Last year I gained so very much from helping organize our school's Black History Month assembly. You can read about my experience in these three posts. But I was a little hesitant to try it again. It was a lot of work and stress, and without a parent really pushing me, February would have come and gone without an assembly for Black History.

But then there was the inauguration of Donald Trump, and his relentless attacks on people of color and immigrants reminded me that it is easy to do nothing. The challenge is to stand up. So, our Charter Board calendared another Black History Month assembly and preparations began.

This year a colleague worked alongside me which made things so much easier, and students who had attended last year's assembly knew the possibilities of what they could perform, so getting kids to participate wasn't nearly as challenging.

And then, there is our Speech and Debate program. A colleague started a team several years ago, and now, we have students who compete and win in a very competitive local league. We have even had students place at the National tournament. So when these students signed up to participate, it elevated our performance level and brought a new diversity of voice to the program.

Our students are so very talented. Musical performances of "The Drinking Gourd" on clarinet by a recent immigrant from China, a duo's original rap, "Summertime," Parliament Funkadelic's "We Got the Funk" by the Emerson Super Band, and Michael Jackson's "Man In the Mirror" got feet tapping. But the words of Fredrick Douglass, Sojourner Truth, Langston Hughes, Maya Angelou, Lucille Clifton, and Lupita Nyong'o brought to life by a talented group of orators brought down the house.

We still pushed our students to think. We urged students to think about why we need Black History, viewed clips from Ava Duvernay's 13th documentary about the persistent effects of racism, and teachable moments based on the request: "Don't Touch My Hair."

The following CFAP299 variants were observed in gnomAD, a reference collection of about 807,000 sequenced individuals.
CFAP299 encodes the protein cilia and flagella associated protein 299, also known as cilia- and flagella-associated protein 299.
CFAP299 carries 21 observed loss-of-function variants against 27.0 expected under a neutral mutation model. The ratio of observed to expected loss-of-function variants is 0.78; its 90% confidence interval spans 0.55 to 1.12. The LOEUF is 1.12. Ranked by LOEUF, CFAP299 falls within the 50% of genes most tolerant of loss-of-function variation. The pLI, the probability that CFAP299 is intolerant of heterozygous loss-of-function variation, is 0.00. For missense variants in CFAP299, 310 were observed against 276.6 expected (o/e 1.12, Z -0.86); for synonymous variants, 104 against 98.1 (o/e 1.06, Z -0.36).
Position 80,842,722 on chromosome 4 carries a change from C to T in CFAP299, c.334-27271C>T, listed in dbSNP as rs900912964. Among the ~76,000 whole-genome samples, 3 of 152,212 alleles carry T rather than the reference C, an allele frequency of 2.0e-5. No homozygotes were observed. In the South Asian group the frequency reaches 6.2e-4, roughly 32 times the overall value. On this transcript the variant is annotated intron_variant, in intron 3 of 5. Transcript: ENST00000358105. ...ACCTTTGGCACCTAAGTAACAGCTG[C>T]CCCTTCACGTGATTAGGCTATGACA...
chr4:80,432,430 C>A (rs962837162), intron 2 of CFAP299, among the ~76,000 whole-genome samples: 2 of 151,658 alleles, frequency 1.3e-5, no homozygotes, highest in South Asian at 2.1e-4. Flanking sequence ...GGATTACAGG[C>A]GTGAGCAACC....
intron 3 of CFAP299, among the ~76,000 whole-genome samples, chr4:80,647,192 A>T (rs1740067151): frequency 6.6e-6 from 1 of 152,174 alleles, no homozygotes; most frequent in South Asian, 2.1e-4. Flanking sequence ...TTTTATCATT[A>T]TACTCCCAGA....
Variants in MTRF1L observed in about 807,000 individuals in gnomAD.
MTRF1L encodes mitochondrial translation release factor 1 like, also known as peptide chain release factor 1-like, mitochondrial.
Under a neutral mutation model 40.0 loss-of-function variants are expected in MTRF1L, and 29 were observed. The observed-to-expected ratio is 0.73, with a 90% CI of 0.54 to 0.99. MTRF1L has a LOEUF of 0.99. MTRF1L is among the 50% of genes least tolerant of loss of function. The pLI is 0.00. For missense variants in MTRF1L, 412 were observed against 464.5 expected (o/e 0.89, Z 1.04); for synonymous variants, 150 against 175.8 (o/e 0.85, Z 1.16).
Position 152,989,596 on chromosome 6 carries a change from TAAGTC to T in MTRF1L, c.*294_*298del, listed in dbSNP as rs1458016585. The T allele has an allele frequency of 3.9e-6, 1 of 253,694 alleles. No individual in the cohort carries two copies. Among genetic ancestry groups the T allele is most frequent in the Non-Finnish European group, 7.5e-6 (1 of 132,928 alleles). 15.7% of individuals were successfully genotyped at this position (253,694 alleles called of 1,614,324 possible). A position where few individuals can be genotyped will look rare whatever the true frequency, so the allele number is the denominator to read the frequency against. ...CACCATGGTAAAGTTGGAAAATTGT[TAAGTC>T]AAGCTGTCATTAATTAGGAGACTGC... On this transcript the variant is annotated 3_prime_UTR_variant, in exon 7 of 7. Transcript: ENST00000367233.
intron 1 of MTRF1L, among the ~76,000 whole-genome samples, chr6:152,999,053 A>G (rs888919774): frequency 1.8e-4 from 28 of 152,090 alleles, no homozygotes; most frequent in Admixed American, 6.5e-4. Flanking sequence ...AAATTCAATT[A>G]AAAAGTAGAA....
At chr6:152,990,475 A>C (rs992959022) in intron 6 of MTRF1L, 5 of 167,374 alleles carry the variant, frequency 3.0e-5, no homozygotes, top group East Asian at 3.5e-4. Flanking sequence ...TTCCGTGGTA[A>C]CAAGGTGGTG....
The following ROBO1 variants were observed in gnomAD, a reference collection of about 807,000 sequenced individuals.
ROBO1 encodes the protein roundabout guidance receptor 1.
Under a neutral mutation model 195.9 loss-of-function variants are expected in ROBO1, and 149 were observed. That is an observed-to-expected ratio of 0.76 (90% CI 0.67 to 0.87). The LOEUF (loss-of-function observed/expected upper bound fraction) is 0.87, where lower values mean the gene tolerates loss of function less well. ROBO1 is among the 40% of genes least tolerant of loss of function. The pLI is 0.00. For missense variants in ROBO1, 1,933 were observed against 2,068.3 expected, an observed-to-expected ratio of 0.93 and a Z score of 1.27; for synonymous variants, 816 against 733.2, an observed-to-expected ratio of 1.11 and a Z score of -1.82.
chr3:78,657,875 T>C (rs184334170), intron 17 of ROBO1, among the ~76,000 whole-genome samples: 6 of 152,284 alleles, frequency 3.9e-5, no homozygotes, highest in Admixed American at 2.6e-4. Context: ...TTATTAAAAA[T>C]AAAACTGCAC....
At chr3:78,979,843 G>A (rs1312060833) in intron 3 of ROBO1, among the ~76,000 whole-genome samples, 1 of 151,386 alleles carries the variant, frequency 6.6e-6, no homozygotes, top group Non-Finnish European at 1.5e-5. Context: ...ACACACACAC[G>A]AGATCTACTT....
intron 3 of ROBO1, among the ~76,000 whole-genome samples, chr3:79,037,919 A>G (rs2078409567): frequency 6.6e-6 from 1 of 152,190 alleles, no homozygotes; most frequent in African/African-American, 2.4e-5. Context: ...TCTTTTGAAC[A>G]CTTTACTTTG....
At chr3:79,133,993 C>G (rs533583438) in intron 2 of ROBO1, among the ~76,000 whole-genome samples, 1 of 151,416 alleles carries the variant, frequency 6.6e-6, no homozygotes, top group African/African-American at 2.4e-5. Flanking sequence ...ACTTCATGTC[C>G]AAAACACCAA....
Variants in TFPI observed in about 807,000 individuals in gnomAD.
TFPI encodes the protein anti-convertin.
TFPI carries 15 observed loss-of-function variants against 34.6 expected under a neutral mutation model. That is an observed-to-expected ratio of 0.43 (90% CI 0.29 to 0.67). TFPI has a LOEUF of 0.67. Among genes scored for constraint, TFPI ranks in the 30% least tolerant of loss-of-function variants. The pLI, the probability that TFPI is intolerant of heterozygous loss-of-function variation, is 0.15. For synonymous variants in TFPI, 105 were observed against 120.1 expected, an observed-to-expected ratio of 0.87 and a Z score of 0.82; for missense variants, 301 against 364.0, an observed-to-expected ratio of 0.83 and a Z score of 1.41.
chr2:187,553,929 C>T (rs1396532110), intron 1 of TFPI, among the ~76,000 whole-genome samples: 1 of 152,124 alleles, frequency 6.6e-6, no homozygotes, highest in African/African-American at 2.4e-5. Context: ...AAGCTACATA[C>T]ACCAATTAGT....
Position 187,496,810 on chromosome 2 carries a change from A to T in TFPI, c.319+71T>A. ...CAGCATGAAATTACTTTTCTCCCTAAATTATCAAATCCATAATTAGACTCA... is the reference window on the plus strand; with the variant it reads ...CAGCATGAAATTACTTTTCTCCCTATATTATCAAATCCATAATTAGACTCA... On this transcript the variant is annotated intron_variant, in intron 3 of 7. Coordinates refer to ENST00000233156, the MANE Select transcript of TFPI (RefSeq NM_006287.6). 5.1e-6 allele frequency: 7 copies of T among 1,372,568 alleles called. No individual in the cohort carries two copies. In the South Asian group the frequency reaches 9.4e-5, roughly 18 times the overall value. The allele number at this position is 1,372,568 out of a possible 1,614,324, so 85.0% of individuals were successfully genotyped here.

The talent and hard work of our school community and high expectations of our students really stood out to me this year. I'm so thankful to be part of a school where celebrating diversity is about not only celebrating culture, but demanding more from our students. Acknowledging places of privilege and identifying opportunities to stand up as an ally: this is what it means to resist.


Supporting Public Education in the Era of DeVos

Today, while I was proctoring the interim assessment I'm required to give by the district, the US Senate confirmed Betsy DeVos for Secretary of Education. I heard this news during nutrition, my 10 minute break between third and fourth periods, while students were coming in and out of the room, finishing up homework and studying for tests. I wasn't particularly surprised and went on with my day.
Woah, Betsy. 

I wrote postcards against this nominee. I called Republican senators who might be swayed. I am highly invested in this fight for our public schools. But the vote came down to 50-nays, 51-ayes and the confirmation carried.

To be honest, I was surprised by the unity of the Democrats. DeVos's reform agenda is aligned with many DFERs. These Democrats For Education Reform, like Senator Booker who sat on the Alliance for School Choice board with DeVos, are pro school choice, private charters, testing, accountability, and vouchers, and also anti-union and anti-teacher. President Obama's two prior picks championed many of the same causes DeVos favors. She takes things a bit further with vouchers and lacks experience in public education, but, to be honest, she isn't very different than Sec. Arne Duncan or Sec. John King.

So, guess what I will do tomorrow? Well, after this interim assessment is over, I will go back to my public school, my classroom, my students, and I will teach. For now, things will carry on as before, and I will continue to believe in my job, my students, their families, and our schools. That is the true narrative of our public schools. There are amazing things happening inside our schools if you take the time to look beyond test scores or aging facilities. I see them every day. The "fake news" of our failing schools is a story that has run its course. If you want to know how to fight back against DeVos and for our schools, invest some time and/or money in a public school, and then, send your kid to one.